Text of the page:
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Inheritances 'reduce inequality' between Australia’s rich and poor

A random collection of Australian currency in notes and coins. (Source: Getty)
There has long been a belief that inheritence furthered wealth inequality in Australia. (Source: Getty) (Florent Rols via Getty Images)

Inheritances may be tightening the gap between Australia’s rich and poor, new research reveals, contradicting longstanding beliefs that receiving a windfall from a forebear simply perpetuates inequality.

The Productivity Commission published its first report on inheritance on Tuesday, revealing that the amount of wealth transferred - including cash and property - since 2002 had more than doubled, with more than $1.5 trillion changing hands.

That amount could rise four-fold in real terms over the next 30 years due to a growth in household wealth and an ageing population.


Productivity Commissioner Catherine de Fontenay said inheritances played a role in reducing some measures of wealth inequality across the country.

"Wealthier people receive more inheritances and gifts on a dollar-for-dollar basis but less as a percentage of their existing wealth," she said.

"When measured against the amount of wealth they already own, those with less wealth get a much bigger boost from inheritances on average, about 50 times larger for the poorest 20 per cent than the wealthiest 20 per cent."

Rear view of q mother and daughter standing in front of a window, hugging each other. (Source: Getty)
The report found that children generally found a similar level of financial success as their parents. (Source: Getty) (MangoStar_Studio via Getty Images)

A trend set to continue

That tends to reduce the share of wealth held by the richest Australians, and it's a trend that's likely to continue.

"This might be a surprise to some, but it's been found in every other country that's been studied," de Fontenay said.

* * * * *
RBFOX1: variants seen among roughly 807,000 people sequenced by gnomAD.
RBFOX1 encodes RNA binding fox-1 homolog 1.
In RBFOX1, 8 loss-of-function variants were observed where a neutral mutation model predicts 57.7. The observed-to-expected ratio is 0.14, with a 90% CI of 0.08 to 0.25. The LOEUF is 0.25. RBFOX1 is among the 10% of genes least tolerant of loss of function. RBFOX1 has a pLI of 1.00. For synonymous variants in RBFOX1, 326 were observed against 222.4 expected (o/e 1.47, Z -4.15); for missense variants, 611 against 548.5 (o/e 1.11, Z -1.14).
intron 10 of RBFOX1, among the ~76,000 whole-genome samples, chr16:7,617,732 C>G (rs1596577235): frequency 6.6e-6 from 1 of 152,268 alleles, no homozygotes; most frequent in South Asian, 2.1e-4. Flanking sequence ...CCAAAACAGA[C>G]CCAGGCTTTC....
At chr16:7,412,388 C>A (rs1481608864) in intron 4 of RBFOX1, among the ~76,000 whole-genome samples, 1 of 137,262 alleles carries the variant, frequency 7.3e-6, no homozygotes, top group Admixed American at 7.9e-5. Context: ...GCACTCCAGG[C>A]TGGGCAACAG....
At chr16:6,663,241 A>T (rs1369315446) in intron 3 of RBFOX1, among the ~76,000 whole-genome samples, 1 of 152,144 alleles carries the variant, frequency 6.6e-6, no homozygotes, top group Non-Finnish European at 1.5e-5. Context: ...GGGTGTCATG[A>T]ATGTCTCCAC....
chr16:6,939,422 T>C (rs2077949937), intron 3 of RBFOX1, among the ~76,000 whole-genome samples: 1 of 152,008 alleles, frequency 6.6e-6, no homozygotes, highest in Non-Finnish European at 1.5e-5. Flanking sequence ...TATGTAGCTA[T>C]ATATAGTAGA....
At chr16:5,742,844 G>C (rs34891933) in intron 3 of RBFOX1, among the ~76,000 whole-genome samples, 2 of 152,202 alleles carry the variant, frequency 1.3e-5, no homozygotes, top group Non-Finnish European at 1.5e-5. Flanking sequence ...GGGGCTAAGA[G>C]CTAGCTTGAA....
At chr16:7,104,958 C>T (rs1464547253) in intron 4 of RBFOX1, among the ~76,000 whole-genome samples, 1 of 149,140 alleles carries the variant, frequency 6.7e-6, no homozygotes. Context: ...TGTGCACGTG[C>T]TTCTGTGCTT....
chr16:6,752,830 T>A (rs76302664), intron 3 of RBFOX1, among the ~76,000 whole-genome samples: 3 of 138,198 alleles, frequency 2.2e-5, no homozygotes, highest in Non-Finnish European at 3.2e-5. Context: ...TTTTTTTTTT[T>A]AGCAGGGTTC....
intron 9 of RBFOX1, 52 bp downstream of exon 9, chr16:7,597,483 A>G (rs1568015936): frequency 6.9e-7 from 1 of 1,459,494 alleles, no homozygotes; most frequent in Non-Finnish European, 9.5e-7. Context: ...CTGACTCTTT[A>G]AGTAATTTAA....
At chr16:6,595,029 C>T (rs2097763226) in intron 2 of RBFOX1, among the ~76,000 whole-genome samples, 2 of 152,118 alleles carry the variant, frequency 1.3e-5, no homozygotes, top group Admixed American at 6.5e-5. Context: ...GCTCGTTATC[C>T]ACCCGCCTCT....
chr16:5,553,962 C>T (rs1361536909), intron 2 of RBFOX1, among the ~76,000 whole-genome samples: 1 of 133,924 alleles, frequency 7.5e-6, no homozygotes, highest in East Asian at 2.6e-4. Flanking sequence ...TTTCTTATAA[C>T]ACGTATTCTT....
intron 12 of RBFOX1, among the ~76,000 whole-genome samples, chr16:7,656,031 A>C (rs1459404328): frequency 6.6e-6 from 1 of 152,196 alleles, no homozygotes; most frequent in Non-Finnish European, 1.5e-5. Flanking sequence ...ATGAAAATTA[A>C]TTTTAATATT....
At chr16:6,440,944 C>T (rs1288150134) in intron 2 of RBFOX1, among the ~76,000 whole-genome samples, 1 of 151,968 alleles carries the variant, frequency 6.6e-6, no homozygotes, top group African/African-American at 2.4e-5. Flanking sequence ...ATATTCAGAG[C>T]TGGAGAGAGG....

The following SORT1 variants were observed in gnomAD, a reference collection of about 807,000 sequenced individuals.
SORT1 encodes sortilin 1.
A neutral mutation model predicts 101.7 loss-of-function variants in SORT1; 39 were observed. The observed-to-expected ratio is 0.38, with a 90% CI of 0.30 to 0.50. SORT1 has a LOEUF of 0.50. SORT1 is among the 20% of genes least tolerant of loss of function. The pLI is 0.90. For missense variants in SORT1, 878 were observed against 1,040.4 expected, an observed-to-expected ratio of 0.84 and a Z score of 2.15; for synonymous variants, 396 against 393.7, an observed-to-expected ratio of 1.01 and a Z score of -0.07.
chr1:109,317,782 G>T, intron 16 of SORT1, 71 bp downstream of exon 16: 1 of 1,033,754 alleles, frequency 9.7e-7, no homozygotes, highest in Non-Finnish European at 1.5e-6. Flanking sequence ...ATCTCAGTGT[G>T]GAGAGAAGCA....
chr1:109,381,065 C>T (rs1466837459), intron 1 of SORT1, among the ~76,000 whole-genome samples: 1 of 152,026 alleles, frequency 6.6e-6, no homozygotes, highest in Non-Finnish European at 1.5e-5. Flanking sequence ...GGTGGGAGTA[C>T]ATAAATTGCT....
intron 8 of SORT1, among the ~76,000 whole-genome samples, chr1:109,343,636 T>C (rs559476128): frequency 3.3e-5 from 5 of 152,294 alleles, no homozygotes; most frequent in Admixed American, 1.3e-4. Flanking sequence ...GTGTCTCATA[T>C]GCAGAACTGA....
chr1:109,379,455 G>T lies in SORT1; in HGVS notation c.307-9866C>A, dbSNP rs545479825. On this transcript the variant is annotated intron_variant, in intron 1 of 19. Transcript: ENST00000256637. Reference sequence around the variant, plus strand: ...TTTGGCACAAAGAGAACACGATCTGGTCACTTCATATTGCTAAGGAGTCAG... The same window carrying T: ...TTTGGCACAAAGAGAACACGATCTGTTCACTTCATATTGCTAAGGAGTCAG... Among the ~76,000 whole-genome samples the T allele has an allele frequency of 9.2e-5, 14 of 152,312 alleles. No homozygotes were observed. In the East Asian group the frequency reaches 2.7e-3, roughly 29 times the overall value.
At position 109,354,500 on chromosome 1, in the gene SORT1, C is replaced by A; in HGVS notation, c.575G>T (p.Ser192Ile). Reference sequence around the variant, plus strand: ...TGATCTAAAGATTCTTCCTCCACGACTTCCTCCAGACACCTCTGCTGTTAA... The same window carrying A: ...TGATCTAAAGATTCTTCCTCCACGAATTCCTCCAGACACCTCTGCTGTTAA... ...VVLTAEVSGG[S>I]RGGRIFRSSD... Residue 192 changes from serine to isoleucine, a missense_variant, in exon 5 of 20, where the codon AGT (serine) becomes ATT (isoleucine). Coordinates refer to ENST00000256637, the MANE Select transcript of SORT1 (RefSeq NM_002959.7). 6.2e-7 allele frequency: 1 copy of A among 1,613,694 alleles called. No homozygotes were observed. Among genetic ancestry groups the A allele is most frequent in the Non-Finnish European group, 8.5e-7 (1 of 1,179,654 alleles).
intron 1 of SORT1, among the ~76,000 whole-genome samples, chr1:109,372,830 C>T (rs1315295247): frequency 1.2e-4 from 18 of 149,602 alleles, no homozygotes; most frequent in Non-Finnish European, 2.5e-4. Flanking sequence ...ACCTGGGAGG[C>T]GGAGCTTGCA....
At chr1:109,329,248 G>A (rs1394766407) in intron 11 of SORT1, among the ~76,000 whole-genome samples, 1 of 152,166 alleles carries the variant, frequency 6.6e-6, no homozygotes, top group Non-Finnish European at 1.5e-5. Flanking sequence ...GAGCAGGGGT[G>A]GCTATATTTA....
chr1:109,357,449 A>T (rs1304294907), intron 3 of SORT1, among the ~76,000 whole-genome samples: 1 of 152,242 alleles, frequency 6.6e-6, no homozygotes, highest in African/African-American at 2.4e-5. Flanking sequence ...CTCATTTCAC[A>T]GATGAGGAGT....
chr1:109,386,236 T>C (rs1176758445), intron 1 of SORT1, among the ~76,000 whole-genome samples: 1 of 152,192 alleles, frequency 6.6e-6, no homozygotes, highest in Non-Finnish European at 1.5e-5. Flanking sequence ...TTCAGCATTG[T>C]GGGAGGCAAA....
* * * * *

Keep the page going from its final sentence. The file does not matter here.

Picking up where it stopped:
Children tend to enjoy a similar level of wealth to that of their parents, the report found, but only about a third of intergenerational wealth persistence is due to inherited wealth.

Fellow Commissioner Lisa Gropp added that inherited wealth was only a “modest contributor” to intergenerational wealth.

“About one third of this observed persistence is due to inherited wealth," she said.

"The rest comes from all the other things parents give to their children – education, networks, values and other opportunities.

“By the time people receive inheritances, they’ll usually be well into middle age — about 50 years old on average. This limits the impact inheritances have on opening up lifetime choices and opportunities about career and family.”

Asset price growth - particularly for housing - has a far bigger impact on wealth inequality, the report found.

Should Australia re-introduce a 'death tax'?

Death taxes are typically used to redistribute wealth and improve equality in society.

Australia is one of just a handful of OECD nations not to have a ‘death tax,’.

In the wake of the COVID-19 pandemic, the OECD has called on all of its members to implement a ‘death tax’ or increase other taxes.

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